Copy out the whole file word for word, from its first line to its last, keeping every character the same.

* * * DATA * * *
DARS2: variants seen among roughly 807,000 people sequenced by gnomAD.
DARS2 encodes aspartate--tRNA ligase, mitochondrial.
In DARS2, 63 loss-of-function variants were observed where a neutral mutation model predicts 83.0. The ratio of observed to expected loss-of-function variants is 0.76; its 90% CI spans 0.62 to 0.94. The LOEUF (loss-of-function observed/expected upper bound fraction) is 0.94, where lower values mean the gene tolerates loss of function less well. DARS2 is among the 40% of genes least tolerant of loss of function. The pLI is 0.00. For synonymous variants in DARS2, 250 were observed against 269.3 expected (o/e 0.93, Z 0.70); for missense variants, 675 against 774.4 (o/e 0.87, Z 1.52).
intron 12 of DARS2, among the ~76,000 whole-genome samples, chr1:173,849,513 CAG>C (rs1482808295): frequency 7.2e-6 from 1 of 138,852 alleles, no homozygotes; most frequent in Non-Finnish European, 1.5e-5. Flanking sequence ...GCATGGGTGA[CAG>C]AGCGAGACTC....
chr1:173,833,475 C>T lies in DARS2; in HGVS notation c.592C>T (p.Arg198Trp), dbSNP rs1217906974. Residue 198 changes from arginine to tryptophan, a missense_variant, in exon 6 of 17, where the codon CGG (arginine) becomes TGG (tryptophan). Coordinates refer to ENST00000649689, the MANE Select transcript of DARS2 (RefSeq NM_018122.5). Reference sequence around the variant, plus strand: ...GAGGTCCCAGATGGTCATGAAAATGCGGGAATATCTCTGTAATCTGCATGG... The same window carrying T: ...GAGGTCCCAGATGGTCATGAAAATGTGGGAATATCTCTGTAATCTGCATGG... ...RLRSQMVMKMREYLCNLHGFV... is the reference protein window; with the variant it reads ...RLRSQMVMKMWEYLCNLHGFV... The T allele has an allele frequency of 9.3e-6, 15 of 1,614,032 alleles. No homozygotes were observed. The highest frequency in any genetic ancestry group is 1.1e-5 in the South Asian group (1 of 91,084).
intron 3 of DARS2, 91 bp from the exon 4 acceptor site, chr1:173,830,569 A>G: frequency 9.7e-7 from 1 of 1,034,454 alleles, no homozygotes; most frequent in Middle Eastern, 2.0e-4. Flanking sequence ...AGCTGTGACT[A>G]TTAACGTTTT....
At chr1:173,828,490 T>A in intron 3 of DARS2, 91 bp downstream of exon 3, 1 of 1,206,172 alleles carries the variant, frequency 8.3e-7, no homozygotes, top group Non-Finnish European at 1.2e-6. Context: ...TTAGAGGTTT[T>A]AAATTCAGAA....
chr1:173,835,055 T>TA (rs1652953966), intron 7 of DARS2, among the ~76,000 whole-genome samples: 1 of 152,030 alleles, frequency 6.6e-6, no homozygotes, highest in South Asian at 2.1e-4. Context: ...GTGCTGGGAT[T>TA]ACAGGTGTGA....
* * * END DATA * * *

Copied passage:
DARS2: variants seen among roughly 807,000 people sequenced by gnomAD.
DARS2 encodes aspartate--tRNA ligase, mitochondrial.
In DARS2, 63 loss-of-function variants were observed where a neutral mutation model predicts 83.0. The ratio of observed to expected loss-of-function variants is 0.76; its 90% CI spans 0.62 to 0.94. The LOEUF (loss-of-function observed/expected upper bound fraction) is 0.94, where lower values mean the gene tolerates loss of function less well. DARS2 is among the 40% of genes least tolerant of loss of function. The pLI is 0.00. For synonymous variants in DARS2, 250 were observed against 269.3 expected (o/e 0.93, Z 0.70); for missense variants, 675 against 774.4 (o/e 0.87, Z 1.52).
intron 12 of DARS2, among the ~76,000 whole-genome samples, chr1:173,849,513 CAG>C (rs1482808295): frequency 7.2e-6 from 1 of 138,852 alleles, no homozygotes; most frequent in Non-Finnish European, 1.5e-5. Flanking sequence ...GCATGGGTGA[CAG>C]AGCGAGACTC....
chr1:173,833,475 C>T lies in DARS2; in HGVS notation c.592C>T (p.Arg198Trp), dbSNP rs1217906974. Residue 198 changes from arginine to tryptophan, a missense_variant, in exon 6 of 17, where the codon CGG (arginine) becomes TGG (tryptophan). Coordinates refer to ENST00000649689, the MANE Select transcript of DARS2 (RefSeq NM_018122.5). Reference sequence around the variant, plus strand: ...GAGGTCCCAGATGGTCATGAAAATGCGGGAATATCTCTGTAATCTGCATGG... The same window carrying T: ...GAGGTCCCAGATGGTCATGAAAATGTGGGAATATCTCTGTAATCTGCATGG... ...RLRSQMVMKMREYLCNLHGFV... is the reference protein window; with the variant it reads ...RLRSQMVMKMWEYLCNLHGFV... The T allele has an allele frequency of 9.3e-6, 15 of 1,614,032 alleles. No homozygotes were observed. The highest frequency in any genetic ancestry group is 1.1e-5 in the South Asian group (1 of 91,084).
intron 3 of DARS2, 91 bp from the exon 4 acceptor site, chr1:173,830,569 A>G: frequency 9.7e-7 from 1 of 1,034,454 alleles, no homozygotes; most frequent in Middle Eastern, 2.0e-4. Flanking sequence ...AGCTGTGACT[A>G]TTAACGTTTT....
At chr1:173,828,490 T>A in intron 3 of DARS2, 91 bp downstream of exon 3, 1 of 1,206,172 alleles carries the variant, frequency 8.3e-7, no homozygotes, top group Non-Finnish European at 1.2e-6. Context: ...TTAGAGGTTT[T>A]AAATTCAGAA....
chr1:173,835,055 T>TA (rs1652953966), intron 7 of DARS2, among the ~76,000 whole-genome samples: 1 of 152,030 alleles, frequency 6.6e-6, no homozygotes, highest in South Asian at 2.1e-4. Context: ...GTGCTGGGAT[T>TA]ACAGGTGTGA....